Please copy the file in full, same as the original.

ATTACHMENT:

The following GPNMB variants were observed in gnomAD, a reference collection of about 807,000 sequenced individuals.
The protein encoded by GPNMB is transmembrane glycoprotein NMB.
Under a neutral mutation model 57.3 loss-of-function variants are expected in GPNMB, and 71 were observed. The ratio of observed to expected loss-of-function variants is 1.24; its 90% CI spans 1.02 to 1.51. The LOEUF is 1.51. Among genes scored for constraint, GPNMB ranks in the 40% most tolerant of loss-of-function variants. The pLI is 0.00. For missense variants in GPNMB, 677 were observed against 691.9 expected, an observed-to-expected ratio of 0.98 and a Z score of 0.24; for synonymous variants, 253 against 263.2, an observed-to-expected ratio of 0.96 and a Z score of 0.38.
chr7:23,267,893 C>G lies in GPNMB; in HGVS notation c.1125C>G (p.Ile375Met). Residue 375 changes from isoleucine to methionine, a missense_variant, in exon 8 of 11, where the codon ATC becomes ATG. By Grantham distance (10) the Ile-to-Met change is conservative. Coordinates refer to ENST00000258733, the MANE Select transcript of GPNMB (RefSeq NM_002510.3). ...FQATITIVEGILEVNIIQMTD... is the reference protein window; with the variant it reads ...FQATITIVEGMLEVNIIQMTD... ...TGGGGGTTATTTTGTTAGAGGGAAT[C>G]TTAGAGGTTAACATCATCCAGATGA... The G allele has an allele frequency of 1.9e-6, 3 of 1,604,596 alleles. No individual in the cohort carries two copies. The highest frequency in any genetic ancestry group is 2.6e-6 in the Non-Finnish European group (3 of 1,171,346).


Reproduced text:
The following GPNMB variants were observed in gnomAD, a reference collection of about 807,000 sequenced individuals.
The protein encoded by GPNMB is transmembrane glycoprotein NMB.
Under a neutral mutation model 57.3 loss-of-function variants are expected in GPNMB, and 71 were observed. The ratio of observed to expected loss-of-function variants is 1.24; its 90% CI spans 1.02 to 1.51. The LOEUF is 1.51. Among genes scored for constraint, GPNMB ranks in the 40% most tolerant of loss-of-function variants. The pLI is 0.00. For missense variants in GPNMB, 677 were observed against 691.9 expected, an observed-to-expected ratio of 0.98 and a Z score of 0.24; for synonymous variants, 253 against 263.2, an observed-to-expected ratio of 0.96 and a Z score of 0.38.
chr7:23,267,893 C>G lies in GPNMB; in HGVS notation c.1125C>G (p.Ile375Met). Residue 375 changes from isoleucine to methionine, a missense_variant, in exon 8 of 11, where the codon ATC becomes ATG. By Grantham distance (10) the Ile-to-Met change is conservative. Coordinates refer to ENST00000258733, the MANE Select transcript of GPNMB (RefSeq NM_002510.3). ...FQATITIVEGILEVNIIQMTD... is the reference protein window; with the variant it reads ...FQATITIVEGMLEVNIIQMTD... ...TGGGGGTTATTTTGTTAGAGGGAAT[C>G]TTAGAGGTTAACATCATCCAGATGA... The G allele has an allele frequency of 1.9e-6, 3 of 1,604,596 alleles. No individual in the cohort carries two copies. The highest frequency in any genetic ancestry group is 2.6e-6 in the Non-Finnish European group (3 of 1,171,346).